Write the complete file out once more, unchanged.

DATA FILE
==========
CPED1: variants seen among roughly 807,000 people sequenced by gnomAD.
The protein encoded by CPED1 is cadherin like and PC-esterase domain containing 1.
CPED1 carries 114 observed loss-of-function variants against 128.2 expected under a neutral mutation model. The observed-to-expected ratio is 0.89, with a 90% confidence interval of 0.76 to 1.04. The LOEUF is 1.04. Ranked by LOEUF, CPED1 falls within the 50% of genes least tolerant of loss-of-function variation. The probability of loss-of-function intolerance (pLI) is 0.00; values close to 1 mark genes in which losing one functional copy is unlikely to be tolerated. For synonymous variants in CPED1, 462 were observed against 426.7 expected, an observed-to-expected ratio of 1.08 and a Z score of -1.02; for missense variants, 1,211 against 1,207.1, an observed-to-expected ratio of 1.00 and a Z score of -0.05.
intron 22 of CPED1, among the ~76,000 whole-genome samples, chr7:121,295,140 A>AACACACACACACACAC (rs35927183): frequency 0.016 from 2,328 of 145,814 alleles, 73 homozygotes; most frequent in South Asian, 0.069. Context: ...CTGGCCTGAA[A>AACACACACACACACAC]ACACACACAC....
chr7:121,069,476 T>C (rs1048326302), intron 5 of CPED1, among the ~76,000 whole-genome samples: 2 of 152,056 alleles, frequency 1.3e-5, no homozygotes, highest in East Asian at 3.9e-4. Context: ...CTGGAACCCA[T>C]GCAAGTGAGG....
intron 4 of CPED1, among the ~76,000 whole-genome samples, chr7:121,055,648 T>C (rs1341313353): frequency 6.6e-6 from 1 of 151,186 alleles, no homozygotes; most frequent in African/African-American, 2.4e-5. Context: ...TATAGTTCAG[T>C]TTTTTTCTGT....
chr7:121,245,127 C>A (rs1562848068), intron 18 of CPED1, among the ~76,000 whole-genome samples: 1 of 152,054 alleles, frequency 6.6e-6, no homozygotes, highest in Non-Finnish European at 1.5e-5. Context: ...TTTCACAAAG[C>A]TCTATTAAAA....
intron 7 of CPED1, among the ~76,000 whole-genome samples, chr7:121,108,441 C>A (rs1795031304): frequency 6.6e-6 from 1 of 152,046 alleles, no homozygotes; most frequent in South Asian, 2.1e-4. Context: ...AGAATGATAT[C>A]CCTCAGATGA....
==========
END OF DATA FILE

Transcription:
CPED1: variants seen among roughly 807,000 people sequenced by gnomAD.
The protein encoded by CPED1 is cadherin like and PC-esterase domain containing 1.
CPED1 carries 114 observed loss-of-function variants against 128.2 expected under a neutral mutation model. The observed-to-expected ratio is 0.89, with a 90% confidence interval of 0.76 to 1.04. The LOEUF is 1.04. Ranked by LOEUF, CPED1 falls within the 50% of genes least tolerant of loss-of-function variation. The probability of loss-of-function intolerance (pLI) is 0.00; values close to 1 mark genes in which losing one functional copy is unlikely to be tolerated. For synonymous variants in CPED1, 462 were observed against 426.7 expected, an observed-to-expected ratio of 1.08 and a Z score of -1.02; for missense variants, 1,211 against 1,207.1, an observed-to-expected ratio of 1.00 and a Z score of -0.05.
intron 22 of CPED1, among the ~76,000 whole-genome samples, chr7:121,295,140 A>AACACACACACACACAC (rs35927183): frequency 0.016 from 2,328 of 145,814 alleles, 73 homozygotes; most frequent in South Asian, 0.069. Context: ...CTGGCCTGAA[A>AACACACACACACACAC]ACACACACAC....
chr7:121,069,476 T>C (rs1048326302), intron 5 of CPED1, among the ~76,000 whole-genome samples: 2 of 152,056 alleles, frequency 1.3e-5, no homozygotes, highest in East Asian at 3.9e-4. Context: ...CTGGAACCCA[T>C]GCAAGTGAGG....
intron 4 of CPED1, among the ~76,000 whole-genome samples, chr7:121,055,648 T>C (rs1341313353): frequency 6.6e-6 from 1 of 151,186 alleles, no homozygotes; most frequent in African/African-American, 2.4e-5. Context: ...TATAGTTCAG[T>C]TTTTTTCTGT....
chr7:121,245,127 C>A (rs1562848068), intron 18 of CPED1, among the ~76,000 whole-genome samples: 1 of 152,054 alleles, frequency 6.6e-6, no homozygotes, highest in Non-Finnish European at 1.5e-5. Context: ...TTTCACAAAG[C>A]TCTATTAAAA....
intron 7 of CPED1, among the ~76,000 whole-genome samples, chr7:121,108,441 C>A (rs1795031304): frequency 6.6e-6 from 1 of 152,046 alleles, no homozygotes; most frequent in South Asian, 2.1e-4. Context: ...AGAATGATAT[C>A]CCTCAGATGA....